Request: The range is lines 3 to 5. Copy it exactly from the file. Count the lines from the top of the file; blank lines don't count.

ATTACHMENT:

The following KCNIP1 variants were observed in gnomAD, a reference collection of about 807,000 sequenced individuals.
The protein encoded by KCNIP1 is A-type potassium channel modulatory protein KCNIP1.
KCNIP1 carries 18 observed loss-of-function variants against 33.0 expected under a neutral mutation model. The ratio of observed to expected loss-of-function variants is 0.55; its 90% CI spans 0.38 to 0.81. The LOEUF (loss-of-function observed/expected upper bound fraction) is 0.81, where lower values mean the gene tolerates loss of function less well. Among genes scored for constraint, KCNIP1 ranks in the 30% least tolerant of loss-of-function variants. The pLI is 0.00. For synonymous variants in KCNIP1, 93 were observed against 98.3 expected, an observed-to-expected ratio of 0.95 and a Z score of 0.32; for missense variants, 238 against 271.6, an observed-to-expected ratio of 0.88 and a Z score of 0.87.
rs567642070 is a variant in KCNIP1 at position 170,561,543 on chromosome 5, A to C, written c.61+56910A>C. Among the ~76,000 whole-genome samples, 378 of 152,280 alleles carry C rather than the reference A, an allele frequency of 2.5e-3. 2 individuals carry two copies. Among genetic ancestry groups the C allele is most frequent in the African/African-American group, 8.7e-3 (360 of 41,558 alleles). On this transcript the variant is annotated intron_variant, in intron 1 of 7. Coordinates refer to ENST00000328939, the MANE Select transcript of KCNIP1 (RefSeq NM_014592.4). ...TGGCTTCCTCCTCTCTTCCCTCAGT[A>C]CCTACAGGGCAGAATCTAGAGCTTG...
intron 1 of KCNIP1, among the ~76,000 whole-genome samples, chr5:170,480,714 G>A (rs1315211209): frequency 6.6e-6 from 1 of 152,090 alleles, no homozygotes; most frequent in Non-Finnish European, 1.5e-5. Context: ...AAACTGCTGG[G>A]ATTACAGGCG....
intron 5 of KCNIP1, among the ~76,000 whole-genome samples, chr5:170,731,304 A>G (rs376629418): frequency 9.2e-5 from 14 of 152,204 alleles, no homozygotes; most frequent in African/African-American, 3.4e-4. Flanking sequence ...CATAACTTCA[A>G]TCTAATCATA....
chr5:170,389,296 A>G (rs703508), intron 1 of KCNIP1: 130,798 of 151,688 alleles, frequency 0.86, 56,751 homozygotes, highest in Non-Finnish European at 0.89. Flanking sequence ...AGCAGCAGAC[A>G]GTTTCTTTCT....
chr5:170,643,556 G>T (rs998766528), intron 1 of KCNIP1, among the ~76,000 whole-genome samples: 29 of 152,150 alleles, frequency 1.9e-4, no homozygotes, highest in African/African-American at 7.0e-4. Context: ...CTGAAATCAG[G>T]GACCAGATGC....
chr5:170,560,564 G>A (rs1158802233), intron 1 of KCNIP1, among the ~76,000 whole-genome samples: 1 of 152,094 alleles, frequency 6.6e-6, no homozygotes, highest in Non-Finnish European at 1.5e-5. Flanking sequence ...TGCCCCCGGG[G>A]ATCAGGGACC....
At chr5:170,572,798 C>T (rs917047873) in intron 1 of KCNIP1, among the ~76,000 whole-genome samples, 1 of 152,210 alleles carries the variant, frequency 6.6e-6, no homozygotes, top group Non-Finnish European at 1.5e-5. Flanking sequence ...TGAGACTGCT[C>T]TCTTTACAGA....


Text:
KCNIP1 carries 18 observed loss-of-function variants against 33.0 expected under a neutral mutation model. The ratio of observed to expected loss-of-function variants is 0.55; its 90% CI spans 0.38 to 0.81. The LOEUF (loss-of-function observed/expected upper bound fraction) is 0.81, where lower values mean the gene tolerates loss of function less well. Among genes scored for constraint, KCNIP1 ranks in the 30% least tolerant of loss-of-function variants. The pLI is 0.00. For synonymous variants in KCNIP1, 93 were observed against 98.3 expected, an observed-to-expected ratio of 0.95 and a Z score of 0.32; for missense variants, 238 against 271.6, an observed-to-expected ratio of 0.88 and a Z score of 0.87.
rs567642070 is a variant in KCNIP1 at position 170,561,543 on chromosome 5, A to C, written c.61+56910A>C. Among the ~76,000 whole-genome samples, 378 of 152,280 alleles carry C rather than the reference A, an allele frequency of 2.5e-3. 2 individuals carry two copies. Among genetic ancestry groups the C allele is most frequent in the African/African-American group, 8.7e-3 (360 of 41,558 alleles). On this transcript the variant is annotated intron_variant, in intron 1 of 7. Coordinates refer to ENST00000328939, the MANE Select transcript of KCNIP1 (RefSeq NM_014592.4). ...TGGCTTCCTCCTCTCTTCCCTCAGT[A>C]CCTACAGGGCAGAATCTAGAGCTTG...
intron 1 of KCNIP1, among the ~76,000 whole-genome samples, chr5:170,480,714 G>A (rs1315211209): frequency 6.6e-6 from 1 of 152,090 alleles, no homozygotes; most frequent in Non-Finnish European, 1.5e-5. Context: ...AAACTGCTGG[G>A]ATTACAGGCG....